Content definition in the early stage is finalized through the work of SMEs getting content drafts ready to hand to instructional designers and developers.
Job analysis and competencies specification may also play an important role in the content specification, as these may ultimately relate to the success of transfer-of-learning.
The content definition is fully matured when the instructional designer completes an information architecture treatment that differentiates the content layer from presentation, navigation, and meta-tag layers. Information architecture defines content structural organization in topic hierarchy; identifies content types, navigation and presentation formats; selects naming conventions and content meta-tags. The identification of content types includes: procedures, concepts, facts, processes, and principles. Preliminary instructional objectives are written in a way that takes these content distinctions into account.
Instruction is learning structure based on the pedagogy definition — it includes instructional decisions related to strategy, methods, and materials.
- How can the subject-matter best be taught?
- How can the most meaningful and efficient learning experience be designed?
The process begins with long-range goals, the content portfolio (ideally with an information architecture treatment), and the preliminary instructional objectives, and submits these to the instructional design process — particularly Gagne's Nine Events of Instruction.
Clark's Four Learning Architectures (Receptive, Directive, Guided Discovery, and Exploratory) provide a learning theory rationale for composing a "blended learning" strategy. The different architectures suggest different ways to organize lesson content, whether and what kind of practice is included, the value of making mistakes during learning, and the opportunities for the learner to control the learning process. The different Delivery Systems modalities which constitute a "blended" or "hybrid" learning approach reflect the kind of instructional choices that the designer believes is appropriate (most effective and efficient) for a particular audience.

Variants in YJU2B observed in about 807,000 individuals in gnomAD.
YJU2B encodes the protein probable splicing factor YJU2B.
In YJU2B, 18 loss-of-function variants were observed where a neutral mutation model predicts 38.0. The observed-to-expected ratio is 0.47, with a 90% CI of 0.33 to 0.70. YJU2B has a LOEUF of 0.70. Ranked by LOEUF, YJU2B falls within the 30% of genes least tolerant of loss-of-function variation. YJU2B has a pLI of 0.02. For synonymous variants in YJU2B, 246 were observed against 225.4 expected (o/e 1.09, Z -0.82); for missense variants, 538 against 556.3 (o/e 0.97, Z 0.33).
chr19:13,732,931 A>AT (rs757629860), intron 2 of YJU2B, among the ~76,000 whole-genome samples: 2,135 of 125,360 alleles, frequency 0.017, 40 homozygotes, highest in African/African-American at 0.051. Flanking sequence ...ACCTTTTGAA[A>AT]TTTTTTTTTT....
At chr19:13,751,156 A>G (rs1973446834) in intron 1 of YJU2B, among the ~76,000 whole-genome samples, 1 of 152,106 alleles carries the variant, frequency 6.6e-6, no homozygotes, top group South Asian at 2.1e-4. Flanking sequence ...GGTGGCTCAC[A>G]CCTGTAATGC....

Merrill's Five Star Instruction has identified five phases of instruction and optimum learner experience: problem, activation, demonstration, application and integration. This format provides a comprehensive design model for instructional strategy definition.
Specific instructional methods or technique are crafted to achieve each of these broad instructional strategies. Once instructional method has been defined, then the optimum instructional media can be selected as instruments for these methods.
Finalization of instructional objectives reflects the iterative process of refining instructional methods and the selection of instructional media. The instructional designer envisions the terminal behavior (performance) that demonstrates learning to mastery. Pre- and Post-test measures are defined which give the learning objective specificity. The interactive components, challenge questions, demonstrations, practice and quizzes are defined which give the learner an environment of active responding.
The instructional designer places the E-Learning experience within the context of Knowledge Management and Performance Support, and will use these resources as part of the instructional plan. The instructional designer understands that the adult learner brings valuable meaningful past learning to the new learning task, and will return to a performance setting where transfer-of-learning must occur (i.e., work, school, home, etc.).
A primary purpose in establishing a relationship to KM and PS resources is to have the learner experience the s/he is part of a learning community and to engage the learner in participatory, interactive, and collaborative communication within this community.
Media is the learning structure based on the definition of text, graphics, audio and video elements that support the learning objectives.
- How are the five senses to be optimally engaged in the learner's experience?
- What is the production process (manpower, expertise, tools and resources) required to develop these media?
Mayer's Six Principles of Multimedia Learning (multimedia, contiguity, coherence, modality, redundancy and personalization) are used as technical criteria for proper construction and presentation of media. The instructional designer holds to Mayer's "less is more" observation established by research on cognitive load.
Media are developed appropriate to the instructional objective and content type (i.e., procedures, concepts, facts, processes, or principles). Ideally key media will be related to demonstration and practice instructional strategies.